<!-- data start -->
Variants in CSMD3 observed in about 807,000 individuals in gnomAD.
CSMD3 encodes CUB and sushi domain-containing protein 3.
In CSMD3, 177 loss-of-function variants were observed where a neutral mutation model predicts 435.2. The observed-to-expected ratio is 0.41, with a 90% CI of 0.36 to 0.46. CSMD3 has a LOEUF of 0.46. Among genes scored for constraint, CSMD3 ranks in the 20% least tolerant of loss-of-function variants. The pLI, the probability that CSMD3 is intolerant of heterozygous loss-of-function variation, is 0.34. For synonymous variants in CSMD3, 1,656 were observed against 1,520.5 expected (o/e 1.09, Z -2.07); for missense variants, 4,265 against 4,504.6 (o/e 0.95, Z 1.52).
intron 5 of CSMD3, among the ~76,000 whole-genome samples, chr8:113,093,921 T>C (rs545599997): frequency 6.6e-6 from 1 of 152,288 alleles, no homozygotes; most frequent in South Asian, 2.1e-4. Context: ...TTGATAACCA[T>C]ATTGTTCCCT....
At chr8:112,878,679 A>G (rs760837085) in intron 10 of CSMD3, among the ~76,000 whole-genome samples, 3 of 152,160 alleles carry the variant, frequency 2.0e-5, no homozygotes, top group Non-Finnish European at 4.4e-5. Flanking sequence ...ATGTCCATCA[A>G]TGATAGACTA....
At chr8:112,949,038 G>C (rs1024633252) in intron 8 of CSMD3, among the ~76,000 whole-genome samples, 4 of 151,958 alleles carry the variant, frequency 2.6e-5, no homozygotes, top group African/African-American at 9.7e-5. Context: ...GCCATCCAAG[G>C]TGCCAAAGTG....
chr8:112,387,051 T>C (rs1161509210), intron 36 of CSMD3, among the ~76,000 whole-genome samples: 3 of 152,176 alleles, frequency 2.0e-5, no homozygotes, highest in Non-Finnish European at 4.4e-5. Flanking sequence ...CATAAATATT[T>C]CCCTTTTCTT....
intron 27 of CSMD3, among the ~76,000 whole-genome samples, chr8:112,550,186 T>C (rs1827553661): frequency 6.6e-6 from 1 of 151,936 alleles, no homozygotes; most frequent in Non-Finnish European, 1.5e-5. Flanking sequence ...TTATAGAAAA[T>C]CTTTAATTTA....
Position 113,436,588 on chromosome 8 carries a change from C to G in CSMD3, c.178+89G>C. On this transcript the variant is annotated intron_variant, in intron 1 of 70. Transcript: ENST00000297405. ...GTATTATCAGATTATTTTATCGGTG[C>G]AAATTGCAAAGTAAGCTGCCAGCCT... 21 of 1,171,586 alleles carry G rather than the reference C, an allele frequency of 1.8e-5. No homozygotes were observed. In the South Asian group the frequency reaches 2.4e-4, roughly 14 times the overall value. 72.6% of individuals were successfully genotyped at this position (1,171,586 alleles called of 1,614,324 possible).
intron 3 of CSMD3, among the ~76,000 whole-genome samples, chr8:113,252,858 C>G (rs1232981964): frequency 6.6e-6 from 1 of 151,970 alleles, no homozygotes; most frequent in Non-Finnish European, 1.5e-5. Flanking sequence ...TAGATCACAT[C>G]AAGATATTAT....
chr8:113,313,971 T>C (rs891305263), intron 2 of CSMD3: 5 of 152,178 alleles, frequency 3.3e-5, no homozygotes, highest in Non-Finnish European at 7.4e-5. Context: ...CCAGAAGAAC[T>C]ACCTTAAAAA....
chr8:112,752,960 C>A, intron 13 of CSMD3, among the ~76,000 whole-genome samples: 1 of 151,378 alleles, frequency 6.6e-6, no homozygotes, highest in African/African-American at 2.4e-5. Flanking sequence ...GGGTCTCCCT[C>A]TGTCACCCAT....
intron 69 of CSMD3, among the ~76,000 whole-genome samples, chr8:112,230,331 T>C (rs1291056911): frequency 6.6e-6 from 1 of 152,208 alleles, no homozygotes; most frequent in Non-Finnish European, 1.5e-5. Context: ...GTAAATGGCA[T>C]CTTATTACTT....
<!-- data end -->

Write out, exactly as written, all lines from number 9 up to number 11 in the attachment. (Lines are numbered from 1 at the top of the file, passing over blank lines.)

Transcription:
Position 113,436,588 on chromosome 8 carries a change from C to G in CSMD3, c.178+89G>C. On this transcript the variant is annotated intron_variant, in intron 1 of 70. Transcript: ENST00000297405. ...GTATTATCAGATTATTTTATCGGTG[C>G]AAATTGCAAAGTAAGCTGCCAGCCT... 21 of 1,171,586 alleles carry G rather than the reference C, an allele frequency of 1.8e-5. No homozygotes were observed. In the South Asian group the frequency reaches 2.4e-4, roughly 14 times the overall value. 72.6% of individuals were successfully genotyped at this position (1,171,586 alleles called of 1,614,324 possible).
intron 3 of CSMD3, among the ~76,000 whole-genome samples, chr8:113,252,858 C>G (rs1232981964): frequency 6.6e-6 from 1 of 151,970 alleles, no homozygotes; most frequent in Non-Finnish European, 1.5e-5. Flanking sequence ...TAGATCACAT[C>G]AAGATATTAT....
chr8:113,313,971 T>C (rs891305263), intron 2 of CSMD3: 5 of 152,178 alleles, frequency 3.3e-5, no homozygotes, highest in Non-Finnish European at 7.4e-5. Context: ...CCAGAAGAAC[T>C]ACCTTAAAAA....